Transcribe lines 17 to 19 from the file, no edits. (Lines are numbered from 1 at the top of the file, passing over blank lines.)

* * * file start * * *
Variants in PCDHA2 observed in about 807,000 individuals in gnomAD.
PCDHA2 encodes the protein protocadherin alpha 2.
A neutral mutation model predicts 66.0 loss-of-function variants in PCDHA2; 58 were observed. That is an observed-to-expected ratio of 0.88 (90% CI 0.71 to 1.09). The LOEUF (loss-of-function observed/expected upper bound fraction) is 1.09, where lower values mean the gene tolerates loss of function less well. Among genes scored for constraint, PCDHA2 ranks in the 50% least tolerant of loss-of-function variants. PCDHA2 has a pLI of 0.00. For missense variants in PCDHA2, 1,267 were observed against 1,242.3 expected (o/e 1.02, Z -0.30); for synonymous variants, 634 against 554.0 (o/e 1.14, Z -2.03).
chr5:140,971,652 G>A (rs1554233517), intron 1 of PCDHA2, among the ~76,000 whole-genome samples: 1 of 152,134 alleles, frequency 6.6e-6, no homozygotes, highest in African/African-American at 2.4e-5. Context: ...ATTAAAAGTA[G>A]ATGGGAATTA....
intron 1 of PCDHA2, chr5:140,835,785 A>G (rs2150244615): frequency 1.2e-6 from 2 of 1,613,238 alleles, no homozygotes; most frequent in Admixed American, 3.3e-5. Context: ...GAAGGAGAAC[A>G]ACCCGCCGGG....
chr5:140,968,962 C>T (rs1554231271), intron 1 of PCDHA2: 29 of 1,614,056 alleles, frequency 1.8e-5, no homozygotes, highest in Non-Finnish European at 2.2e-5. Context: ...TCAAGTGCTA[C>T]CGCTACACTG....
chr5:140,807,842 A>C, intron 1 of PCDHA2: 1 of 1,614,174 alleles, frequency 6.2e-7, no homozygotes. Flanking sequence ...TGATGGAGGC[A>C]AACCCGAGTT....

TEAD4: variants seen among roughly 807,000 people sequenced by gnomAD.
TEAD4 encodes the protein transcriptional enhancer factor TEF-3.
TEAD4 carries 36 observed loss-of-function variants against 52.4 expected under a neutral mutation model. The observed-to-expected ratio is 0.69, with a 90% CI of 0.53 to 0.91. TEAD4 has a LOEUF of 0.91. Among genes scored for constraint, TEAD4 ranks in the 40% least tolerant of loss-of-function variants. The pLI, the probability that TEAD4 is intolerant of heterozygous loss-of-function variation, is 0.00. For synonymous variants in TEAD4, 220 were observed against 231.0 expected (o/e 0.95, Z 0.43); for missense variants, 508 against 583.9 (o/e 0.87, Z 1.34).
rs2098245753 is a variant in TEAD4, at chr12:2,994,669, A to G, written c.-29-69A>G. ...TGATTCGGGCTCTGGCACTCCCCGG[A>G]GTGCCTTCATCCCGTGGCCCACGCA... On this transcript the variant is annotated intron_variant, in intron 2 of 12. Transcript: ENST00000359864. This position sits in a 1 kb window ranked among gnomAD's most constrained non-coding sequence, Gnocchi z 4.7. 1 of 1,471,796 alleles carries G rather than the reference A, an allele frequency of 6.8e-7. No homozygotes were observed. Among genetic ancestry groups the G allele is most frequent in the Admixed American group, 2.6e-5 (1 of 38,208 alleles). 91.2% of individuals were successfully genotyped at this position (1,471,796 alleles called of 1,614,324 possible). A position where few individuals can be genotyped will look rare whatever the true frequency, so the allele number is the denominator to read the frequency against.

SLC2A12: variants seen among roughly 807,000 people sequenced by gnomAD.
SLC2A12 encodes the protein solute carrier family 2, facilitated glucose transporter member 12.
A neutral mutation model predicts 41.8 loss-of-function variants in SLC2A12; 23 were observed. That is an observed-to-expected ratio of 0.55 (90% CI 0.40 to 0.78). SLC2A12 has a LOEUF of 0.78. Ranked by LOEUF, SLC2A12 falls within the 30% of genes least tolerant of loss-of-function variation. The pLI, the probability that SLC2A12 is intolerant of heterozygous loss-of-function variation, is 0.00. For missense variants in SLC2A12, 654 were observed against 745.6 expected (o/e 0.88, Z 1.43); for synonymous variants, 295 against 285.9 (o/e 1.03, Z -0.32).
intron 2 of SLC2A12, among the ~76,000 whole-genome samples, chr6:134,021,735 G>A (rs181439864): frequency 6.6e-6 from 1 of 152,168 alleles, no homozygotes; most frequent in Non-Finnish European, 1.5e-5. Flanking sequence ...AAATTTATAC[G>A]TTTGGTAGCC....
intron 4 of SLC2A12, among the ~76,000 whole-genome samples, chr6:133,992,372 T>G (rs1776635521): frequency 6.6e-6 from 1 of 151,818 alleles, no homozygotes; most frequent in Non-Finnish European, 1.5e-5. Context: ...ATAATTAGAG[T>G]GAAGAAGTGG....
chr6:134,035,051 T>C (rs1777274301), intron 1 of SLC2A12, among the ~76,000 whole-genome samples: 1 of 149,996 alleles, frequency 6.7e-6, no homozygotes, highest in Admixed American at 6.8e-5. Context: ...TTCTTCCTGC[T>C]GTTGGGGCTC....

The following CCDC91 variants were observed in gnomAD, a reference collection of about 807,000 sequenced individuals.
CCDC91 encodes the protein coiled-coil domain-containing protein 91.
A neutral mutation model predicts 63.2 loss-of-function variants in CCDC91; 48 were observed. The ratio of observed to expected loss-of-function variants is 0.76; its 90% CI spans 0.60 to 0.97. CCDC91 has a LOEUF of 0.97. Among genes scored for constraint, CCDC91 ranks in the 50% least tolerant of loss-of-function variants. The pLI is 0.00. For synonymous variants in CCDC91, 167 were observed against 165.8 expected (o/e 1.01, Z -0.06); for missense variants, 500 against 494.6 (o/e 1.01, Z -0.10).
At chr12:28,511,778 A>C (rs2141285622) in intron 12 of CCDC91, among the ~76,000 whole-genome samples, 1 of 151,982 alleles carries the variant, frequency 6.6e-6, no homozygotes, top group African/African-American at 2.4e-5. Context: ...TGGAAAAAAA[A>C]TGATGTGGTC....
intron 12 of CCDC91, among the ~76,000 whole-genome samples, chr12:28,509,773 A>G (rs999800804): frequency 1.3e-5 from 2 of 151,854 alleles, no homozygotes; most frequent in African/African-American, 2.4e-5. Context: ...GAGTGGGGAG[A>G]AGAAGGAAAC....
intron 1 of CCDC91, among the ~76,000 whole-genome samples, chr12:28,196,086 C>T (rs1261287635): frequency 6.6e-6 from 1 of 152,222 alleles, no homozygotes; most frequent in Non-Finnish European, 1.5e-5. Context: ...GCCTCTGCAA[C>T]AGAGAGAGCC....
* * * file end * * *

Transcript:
chr6:134,035,051 T>C (rs1777274301), intron 1 of SLC2A12, among the ~76,000 whole-genome samples: 1 of 149,996 alleles, frequency 6.7e-6, no homozygotes, highest in Admixed American at 6.8e-5. Context: ...TTCTTCCTGC[T>C]GTTGGGGCTC....

The following CCDC91 variants were observed in gnomAD, a reference collection of about 807,000 sequenced individuals.
CCDC91 encodes the protein coiled-coil domain-containing protein 91.